The analysis of the grouping of Gartner’s MQs repeatedly demonstrates that Gartner is not following a consistent approach to how the vendors are positioned on the MQs. Secondly, the lack of publication of the supporting values is odd for a company that purports to perform research. Not doing so strongly implies that Gartner has something to hide.

It has been the long term assertion of Brightwork Research & Analysis that Gartner does not publish the supporting values, precisely so Gartner’s MQs cannot be audited. This mathematical analysis using clustering is just another piece of evidence that Gartner’s MQs are not based on consistent mathematical values.

The Problem: Thinking that Gartner is Focused on What is True

Gartner is hired by companies who fundamentally don’t understand how Gartner functions. Gartner has virtually no first-hand experience in the technologies that they evaluate and get most of their information from speaking with executives at buyers or executives at vendors and consulting firms. Gartner is also not a research entity, they compare very poorly to real research entities once you dig into the details as we did in the article How Gartner’s Research Compares to Real Research Entities. Gartner serves to direct IT spending to the most expensive solutions as these are the companies that can afford to pay Gartner the most money. Gartner has enormously aggressive internal sales goals that place accuracy far below revenue growth in importance.

Being Part of the Solution: Fact-Checking Gartner

Gartner is quite expensive, and using them without independent verification ends up in a lot of money being wasted, both in terms of fees to Gartner and also in money spent on Gartner recommendations. We offer Gartner support services that make sure companies get a better value from Gartner, and keep companies from relying on advice where Gartner cannot substantiate the advice or where the advice is clearly in response to vendor pressure. This includes both covering how Gartner works, as well as reading and fact-checking the information they provide. Our clients don’t even let Gartner know that we are evaluating the information provided to them.

Financial Disclosure

Financial Bias Disclosure

Neither this article nor any other article on the Brightwork website is paid for by a software vendor, including Oracle, SAP or their competitors. As part of our commitment to publishing independent, unbiased research; no paid media placements, commissions or incentives of any nature are allowed.

Search Our Other Research Bias Content

References

https://www.gartner.com/en/research/methodologies/magic-quadrants-research, Gartner Inc., “Gartner Magic Quadrant”, 2019.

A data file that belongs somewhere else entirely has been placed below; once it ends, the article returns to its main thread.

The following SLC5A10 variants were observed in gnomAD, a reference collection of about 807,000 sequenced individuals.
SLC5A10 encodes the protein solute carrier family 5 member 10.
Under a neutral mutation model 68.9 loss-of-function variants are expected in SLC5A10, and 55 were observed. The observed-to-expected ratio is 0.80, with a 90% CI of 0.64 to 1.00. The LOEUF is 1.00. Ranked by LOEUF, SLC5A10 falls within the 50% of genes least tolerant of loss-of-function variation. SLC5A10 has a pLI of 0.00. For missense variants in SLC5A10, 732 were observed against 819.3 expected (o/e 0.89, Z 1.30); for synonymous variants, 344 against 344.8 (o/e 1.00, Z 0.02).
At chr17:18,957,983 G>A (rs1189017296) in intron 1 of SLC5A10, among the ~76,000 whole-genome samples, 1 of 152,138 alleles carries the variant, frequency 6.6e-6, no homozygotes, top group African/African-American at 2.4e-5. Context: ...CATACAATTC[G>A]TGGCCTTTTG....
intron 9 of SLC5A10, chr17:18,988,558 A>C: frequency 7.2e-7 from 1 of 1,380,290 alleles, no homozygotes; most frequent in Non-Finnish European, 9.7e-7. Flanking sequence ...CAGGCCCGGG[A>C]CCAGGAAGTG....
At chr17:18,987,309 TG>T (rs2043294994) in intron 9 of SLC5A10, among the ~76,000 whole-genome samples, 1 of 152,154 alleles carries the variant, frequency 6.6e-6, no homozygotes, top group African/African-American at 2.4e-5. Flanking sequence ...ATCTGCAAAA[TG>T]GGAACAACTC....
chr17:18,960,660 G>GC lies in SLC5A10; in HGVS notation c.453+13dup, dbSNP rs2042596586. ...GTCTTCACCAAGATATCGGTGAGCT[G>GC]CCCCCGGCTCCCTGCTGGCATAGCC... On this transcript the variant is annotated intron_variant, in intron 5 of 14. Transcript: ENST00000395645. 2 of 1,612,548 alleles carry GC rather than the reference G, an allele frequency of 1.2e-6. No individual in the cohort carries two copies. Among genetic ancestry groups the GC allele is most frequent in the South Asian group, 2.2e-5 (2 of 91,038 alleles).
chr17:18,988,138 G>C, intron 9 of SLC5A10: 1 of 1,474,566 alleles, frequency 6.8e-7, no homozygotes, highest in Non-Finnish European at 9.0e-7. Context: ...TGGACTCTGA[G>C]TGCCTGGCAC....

https://towardsdatascience.com/spectral-clustering-aba2640c0d5b, Medium: Towards Data Science, “Spectral Clustering”, William Fleshman, Feb 20, 2019

http://albertocairo.com/, Alberto Cairo, “How Charts Lie”, 2019.

https://www.theguardian.com/film/2017/feb/27/pricewaterhousecoopers-issues-sincere-apology-for-oscars-blunder, The Guardian, “PwC issues an apology after Oscars best picture mistake”, 2017.

https://www.adma.com.au/compliance/what-you-need-to-know-about-running-a-competition, ADMA, “What you need to know about running a competition”, 2017.

https://www.courtlistener.com/opinion/2540667/zl-technologies-inc-v-gartner-inc/, Court Listener, “ZL Technologies, Inc. v Gartner, Inc.”, District Court, N.D. California, 2010.

https://www.amazon.com/False-Positive-Omission-Political-Correctness/dp/1641770465/, Theodore Dalrymple, ” False Positive: A Year of Error, Omission, and Political Correctness in the New England Journal of Medicine”, 2019.

https://towardsdatascience.com/understanding-k-means-clustering-in-machine-learning-6a6e67336aa1, Towards Data Science, Dr Michael J Garbade, “Understanding K-Means Clustering in Machine Learning”, 2018.

https://www.informationweek.com/credibility-of-analysts/d/d-id/1040282?page_number=2

https://towardsdatascience.com/understanding-k-means-clustering-in-machine-learning-6a6e67336aa1

Gartner Book

Gartner and the Magic Quadrant: A Guide for Buyers, Vendors, and Investors

Gartner is the most influential IT analyst firm in the world. Their approval can make or break a vendor in an application category, or at the very least control their growth. Gartner has been behind most of the major IT trends for decades. However, many people read Gartner reports without understanding how Gartner works, how it comes to its information, its orientation, or even the details of the methods it uses for its analytical products. All of this and more is explained in this book.

Table of Contents

  • Chapter 1: Introduction
  • Chapter 2: An Overview of Gartner
  • Chapter 3: How Gartner Makes Money
  • Chapter 4: Comparing Gartner to the RAND Corporation, and Academic Research
  • Chapter 5: The Magic Quadrant
  • Chapter 6: Other Analytical Products Offered by Gartner
  • Chapter 7: Gartner’s Future and Cloud Computing
  • Chapter 8: Adjusting the Magic Quadrant
  • Chapter 9: Is Gartner Worth the Investment?
  • Chapter 10: Conclusion
  • Appendix a: How to Use Independent Consultants for Software Selection
  • Appendix b: What Does the History of Media Tell Us About This Topic
  • Appendix c: Disclosure Statements and Code of Ethics